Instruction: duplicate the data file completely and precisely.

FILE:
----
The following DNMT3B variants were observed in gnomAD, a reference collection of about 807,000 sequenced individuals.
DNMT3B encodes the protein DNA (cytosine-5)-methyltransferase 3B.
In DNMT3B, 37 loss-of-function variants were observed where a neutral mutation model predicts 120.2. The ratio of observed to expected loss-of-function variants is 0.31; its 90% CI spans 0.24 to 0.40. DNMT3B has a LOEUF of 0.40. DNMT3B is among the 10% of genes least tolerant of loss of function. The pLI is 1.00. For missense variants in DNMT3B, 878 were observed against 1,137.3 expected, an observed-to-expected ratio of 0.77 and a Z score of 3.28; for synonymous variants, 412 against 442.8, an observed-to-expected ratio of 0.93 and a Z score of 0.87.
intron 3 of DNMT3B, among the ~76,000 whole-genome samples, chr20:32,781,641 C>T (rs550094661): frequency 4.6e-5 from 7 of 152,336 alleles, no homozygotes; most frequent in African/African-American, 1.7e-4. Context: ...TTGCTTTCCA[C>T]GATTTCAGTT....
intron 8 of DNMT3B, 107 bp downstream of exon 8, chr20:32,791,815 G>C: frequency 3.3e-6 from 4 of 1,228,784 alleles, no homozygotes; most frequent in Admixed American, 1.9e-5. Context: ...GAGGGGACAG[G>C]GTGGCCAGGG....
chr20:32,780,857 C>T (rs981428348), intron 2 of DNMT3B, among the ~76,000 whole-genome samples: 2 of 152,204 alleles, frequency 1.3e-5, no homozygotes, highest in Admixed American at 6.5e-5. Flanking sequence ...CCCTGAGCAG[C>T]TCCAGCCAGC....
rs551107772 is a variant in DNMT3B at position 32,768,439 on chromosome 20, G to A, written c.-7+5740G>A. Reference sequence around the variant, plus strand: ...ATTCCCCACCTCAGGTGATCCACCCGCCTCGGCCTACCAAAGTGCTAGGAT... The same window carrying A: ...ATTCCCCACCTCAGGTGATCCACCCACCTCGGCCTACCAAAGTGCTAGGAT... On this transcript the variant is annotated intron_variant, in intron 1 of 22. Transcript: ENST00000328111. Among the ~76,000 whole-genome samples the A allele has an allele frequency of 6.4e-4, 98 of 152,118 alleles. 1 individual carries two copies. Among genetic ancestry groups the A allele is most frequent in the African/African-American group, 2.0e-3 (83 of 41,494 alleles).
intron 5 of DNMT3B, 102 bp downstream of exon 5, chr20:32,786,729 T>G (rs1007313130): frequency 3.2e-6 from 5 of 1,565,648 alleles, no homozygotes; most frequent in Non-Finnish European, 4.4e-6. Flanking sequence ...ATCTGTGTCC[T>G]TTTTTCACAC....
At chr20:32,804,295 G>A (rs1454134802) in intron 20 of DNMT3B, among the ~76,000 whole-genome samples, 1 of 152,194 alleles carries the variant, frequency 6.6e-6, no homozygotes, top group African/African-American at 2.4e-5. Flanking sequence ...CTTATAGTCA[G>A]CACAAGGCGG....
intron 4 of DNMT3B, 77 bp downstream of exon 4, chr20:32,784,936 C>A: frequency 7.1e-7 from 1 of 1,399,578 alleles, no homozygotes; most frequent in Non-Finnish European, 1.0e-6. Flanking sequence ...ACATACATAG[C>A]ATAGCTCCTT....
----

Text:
The following DNMT3B variants were observed in gnomAD, a reference collection of about 807,000 sequenced individuals.
DNMT3B encodes the protein DNA (cytosine-5)-methyltransferase 3B.
In DNMT3B, 37 loss-of-function variants were observed where a neutral mutation model predicts 120.2. The ratio of observed to expected loss-of-function variants is 0.31; its 90% CI spans 0.24 to 0.40. DNMT3B has a LOEUF of 0.40. DNMT3B is among the 10% of genes least tolerant of loss of function. The pLI is 1.00. For missense variants in DNMT3B, 878 were observed against 1,137.3 expected, an observed-to-expected ratio of 0.77 and a Z score of 3.28; for synonymous variants, 412 against 442.8, an observed-to-expected ratio of 0.93 and a Z score of 0.87.
intron 3 of DNMT3B, among the ~76,000 whole-genome samples, chr20:32,781,641 C>T (rs550094661): frequency 4.6e-5 from 7 of 152,336 alleles, no homozygotes; most frequent in African/African-American, 1.7e-4. Context: ...TTGCTTTCCA[C>T]GATTTCAGTT....
intron 8 of DNMT3B, 107 bp downstream of exon 8, chr20:32,791,815 G>C: frequency 3.3e-6 from 4 of 1,228,784 alleles, no homozygotes; most frequent in Admixed American, 1.9e-5. Context: ...GAGGGGACAG[G>C]GTGGCCAGGG....
chr20:32,780,857 C>T (rs981428348), intron 2 of DNMT3B, among the ~76,000 whole-genome samples: 2 of 152,204 alleles, frequency 1.3e-5, no homozygotes, highest in Admixed American at 6.5e-5. Flanking sequence ...CCCTGAGCAG[C>T]TCCAGCCAGC....
rs551107772 is a variant in DNMT3B at position 32,768,439 on chromosome 20, G to A, written c.-7+5740G>A. Reference sequence around the variant, plus strand: ...ATTCCCCACCTCAGGTGATCCACCCGCCTCGGCCTACCAAAGTGCTAGGAT... The same window carrying A: ...ATTCCCCACCTCAGGTGATCCACCCACCTCGGCCTACCAAAGTGCTAGGAT... On this transcript the variant is annotated intron_variant, in intron 1 of 22. Transcript: ENST00000328111. Among the ~76,000 whole-genome samples the A allele has an allele frequency of 6.4e-4, 98 of 152,118 alleles. 1 individual carries two copies. Among genetic ancestry groups the A allele is most frequent in the African/African-American group, 2.0e-3 (83 of 41,494 alleles).
intron 5 of DNMT3B, 102 bp downstream of exon 5, chr20:32,786,729 T>G (rs1007313130): frequency 3.2e-6 from 5 of 1,565,648 alleles, no homozygotes; most frequent in Non-Finnish European, 4.4e-6. Flanking sequence ...ATCTGTGTCC[T>G]TTTTTCACAC....
At chr20:32,804,295 G>A (rs1454134802) in intron 20 of DNMT3B, among the ~76,000 whole-genome samples, 1 of 152,194 alleles carries the variant, frequency 6.6e-6, no homozygotes, top group African/African-American at 2.4e-5. Flanking sequence ...CTTATAGTCA[G>A]CACAAGGCGG....
intron 4 of DNMT3B, 77 bp downstream of exon 4, chr20:32,784,936 C>A: frequency 7.1e-7 from 1 of 1,399,578 alleles, no homozygotes; most frequent in Non-Finnish European, 1.0e-6. Flanking sequence ...ACATACATAG[C>A]ATAGCTCCTT....